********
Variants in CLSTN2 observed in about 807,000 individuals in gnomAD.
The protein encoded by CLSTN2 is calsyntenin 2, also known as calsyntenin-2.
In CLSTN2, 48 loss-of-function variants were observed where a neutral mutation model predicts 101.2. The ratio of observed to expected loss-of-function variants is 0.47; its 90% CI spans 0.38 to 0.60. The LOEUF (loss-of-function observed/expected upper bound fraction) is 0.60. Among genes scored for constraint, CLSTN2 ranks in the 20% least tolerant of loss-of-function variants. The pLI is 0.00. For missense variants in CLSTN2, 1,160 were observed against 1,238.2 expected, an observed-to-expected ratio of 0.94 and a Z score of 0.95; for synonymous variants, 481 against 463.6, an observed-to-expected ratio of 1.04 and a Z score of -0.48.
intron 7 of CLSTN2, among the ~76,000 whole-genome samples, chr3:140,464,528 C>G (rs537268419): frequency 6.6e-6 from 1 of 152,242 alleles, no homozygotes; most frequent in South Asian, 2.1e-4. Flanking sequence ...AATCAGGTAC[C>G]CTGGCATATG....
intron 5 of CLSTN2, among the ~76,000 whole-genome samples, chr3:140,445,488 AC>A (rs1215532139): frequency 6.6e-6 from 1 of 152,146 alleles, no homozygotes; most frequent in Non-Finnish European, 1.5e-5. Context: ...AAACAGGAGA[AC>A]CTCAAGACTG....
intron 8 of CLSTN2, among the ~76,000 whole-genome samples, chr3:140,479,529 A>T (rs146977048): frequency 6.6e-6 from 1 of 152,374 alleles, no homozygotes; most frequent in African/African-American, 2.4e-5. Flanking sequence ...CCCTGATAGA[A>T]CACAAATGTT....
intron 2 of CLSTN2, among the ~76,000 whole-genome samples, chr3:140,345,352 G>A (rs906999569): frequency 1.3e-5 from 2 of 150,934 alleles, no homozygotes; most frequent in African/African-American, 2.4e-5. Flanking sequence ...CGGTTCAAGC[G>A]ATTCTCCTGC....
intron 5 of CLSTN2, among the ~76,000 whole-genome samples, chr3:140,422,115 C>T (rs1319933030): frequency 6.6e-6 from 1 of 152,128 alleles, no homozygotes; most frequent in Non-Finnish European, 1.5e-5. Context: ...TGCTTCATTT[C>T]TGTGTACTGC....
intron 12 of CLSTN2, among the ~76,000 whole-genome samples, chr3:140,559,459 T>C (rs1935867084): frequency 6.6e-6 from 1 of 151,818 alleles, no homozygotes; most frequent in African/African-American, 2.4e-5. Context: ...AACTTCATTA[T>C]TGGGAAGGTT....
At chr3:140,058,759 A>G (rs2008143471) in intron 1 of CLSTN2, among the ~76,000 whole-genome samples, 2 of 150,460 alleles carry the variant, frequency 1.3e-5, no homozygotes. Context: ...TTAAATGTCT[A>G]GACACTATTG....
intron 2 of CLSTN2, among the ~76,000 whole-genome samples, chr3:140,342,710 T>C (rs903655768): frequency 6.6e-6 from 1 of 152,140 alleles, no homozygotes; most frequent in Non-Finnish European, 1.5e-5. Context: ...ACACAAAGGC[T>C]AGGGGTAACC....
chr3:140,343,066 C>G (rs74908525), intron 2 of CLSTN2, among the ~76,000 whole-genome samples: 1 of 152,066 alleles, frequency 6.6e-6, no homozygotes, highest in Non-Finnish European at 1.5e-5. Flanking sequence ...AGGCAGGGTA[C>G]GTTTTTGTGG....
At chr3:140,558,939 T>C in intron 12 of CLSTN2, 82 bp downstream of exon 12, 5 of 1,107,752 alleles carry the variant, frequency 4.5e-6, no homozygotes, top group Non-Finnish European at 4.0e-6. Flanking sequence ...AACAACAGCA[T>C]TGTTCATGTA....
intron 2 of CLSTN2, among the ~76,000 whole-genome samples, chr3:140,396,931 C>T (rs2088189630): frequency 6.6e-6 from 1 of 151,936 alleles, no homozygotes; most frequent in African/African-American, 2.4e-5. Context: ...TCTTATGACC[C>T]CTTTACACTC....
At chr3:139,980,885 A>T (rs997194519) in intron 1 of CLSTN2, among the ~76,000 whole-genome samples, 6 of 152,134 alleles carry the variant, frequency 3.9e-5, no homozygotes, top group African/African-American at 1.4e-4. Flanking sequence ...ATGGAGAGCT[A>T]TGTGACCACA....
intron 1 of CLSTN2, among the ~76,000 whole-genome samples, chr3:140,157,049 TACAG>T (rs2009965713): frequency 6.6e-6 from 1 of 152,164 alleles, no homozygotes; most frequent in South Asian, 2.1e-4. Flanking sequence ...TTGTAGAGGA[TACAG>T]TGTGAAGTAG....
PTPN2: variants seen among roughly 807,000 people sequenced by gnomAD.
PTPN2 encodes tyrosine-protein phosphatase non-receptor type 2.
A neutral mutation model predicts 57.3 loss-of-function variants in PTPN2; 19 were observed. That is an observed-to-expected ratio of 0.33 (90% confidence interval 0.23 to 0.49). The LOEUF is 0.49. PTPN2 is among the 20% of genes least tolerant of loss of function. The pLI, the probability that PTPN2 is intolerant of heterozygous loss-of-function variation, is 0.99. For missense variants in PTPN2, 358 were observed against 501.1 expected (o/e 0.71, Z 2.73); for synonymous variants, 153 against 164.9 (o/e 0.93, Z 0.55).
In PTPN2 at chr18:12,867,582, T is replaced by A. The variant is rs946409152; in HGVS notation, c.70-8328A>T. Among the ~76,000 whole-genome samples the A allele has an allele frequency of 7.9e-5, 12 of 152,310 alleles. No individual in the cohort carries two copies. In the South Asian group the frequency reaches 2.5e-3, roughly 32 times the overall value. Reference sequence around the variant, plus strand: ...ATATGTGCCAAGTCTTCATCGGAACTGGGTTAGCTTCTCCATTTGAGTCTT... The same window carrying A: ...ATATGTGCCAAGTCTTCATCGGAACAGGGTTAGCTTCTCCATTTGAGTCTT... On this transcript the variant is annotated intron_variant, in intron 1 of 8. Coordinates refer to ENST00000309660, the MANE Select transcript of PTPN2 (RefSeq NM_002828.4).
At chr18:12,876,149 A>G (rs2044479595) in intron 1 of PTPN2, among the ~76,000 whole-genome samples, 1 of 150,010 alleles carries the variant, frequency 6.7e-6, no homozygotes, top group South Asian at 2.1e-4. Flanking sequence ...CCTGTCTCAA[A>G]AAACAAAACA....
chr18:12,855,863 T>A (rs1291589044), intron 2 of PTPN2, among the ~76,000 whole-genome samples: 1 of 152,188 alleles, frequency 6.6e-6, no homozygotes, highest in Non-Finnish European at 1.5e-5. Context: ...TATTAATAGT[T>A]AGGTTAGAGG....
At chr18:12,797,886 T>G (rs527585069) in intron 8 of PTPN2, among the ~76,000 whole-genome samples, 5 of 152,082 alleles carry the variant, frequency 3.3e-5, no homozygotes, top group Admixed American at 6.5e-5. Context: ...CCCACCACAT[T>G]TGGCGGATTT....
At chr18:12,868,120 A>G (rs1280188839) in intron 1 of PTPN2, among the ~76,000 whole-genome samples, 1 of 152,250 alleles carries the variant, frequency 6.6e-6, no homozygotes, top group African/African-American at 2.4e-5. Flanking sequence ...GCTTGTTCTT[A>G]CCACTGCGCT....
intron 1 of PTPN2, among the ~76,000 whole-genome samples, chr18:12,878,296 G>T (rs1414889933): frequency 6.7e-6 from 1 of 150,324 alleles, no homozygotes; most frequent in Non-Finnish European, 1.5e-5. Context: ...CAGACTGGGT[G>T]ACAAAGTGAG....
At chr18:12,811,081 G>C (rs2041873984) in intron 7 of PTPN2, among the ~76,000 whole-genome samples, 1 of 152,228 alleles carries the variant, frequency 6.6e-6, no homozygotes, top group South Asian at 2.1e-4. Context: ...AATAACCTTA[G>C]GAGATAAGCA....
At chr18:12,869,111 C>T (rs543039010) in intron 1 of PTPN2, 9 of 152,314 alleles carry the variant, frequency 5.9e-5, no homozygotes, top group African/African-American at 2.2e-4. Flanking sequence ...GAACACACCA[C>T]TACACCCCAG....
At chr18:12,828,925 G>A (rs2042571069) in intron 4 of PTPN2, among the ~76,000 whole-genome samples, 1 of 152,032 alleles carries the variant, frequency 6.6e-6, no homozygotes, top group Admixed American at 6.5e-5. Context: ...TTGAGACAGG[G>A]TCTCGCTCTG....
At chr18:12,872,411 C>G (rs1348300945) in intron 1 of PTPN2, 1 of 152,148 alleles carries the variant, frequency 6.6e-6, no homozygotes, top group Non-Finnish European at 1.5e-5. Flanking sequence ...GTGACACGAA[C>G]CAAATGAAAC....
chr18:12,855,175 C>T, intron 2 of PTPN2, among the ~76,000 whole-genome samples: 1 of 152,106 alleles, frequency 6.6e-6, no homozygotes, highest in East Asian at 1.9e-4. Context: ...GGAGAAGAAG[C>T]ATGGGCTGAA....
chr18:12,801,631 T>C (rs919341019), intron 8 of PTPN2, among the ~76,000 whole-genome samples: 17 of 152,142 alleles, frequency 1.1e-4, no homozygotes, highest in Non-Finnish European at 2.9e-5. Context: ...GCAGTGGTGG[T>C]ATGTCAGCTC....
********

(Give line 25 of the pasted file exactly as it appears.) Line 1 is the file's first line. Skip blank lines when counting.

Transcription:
intron 1 of PTPN2, among the ~76,000 whole-genome samples, chr18:12,878,296 G>T (rs1414889933): frequency 6.7e-6 from 1 of 150,324 alleles, no homozygotes; most frequent in Non-Finnish European, 1.5e-5. Context: ...CAGACTGGGT[G>T]ACAAAGTGAG....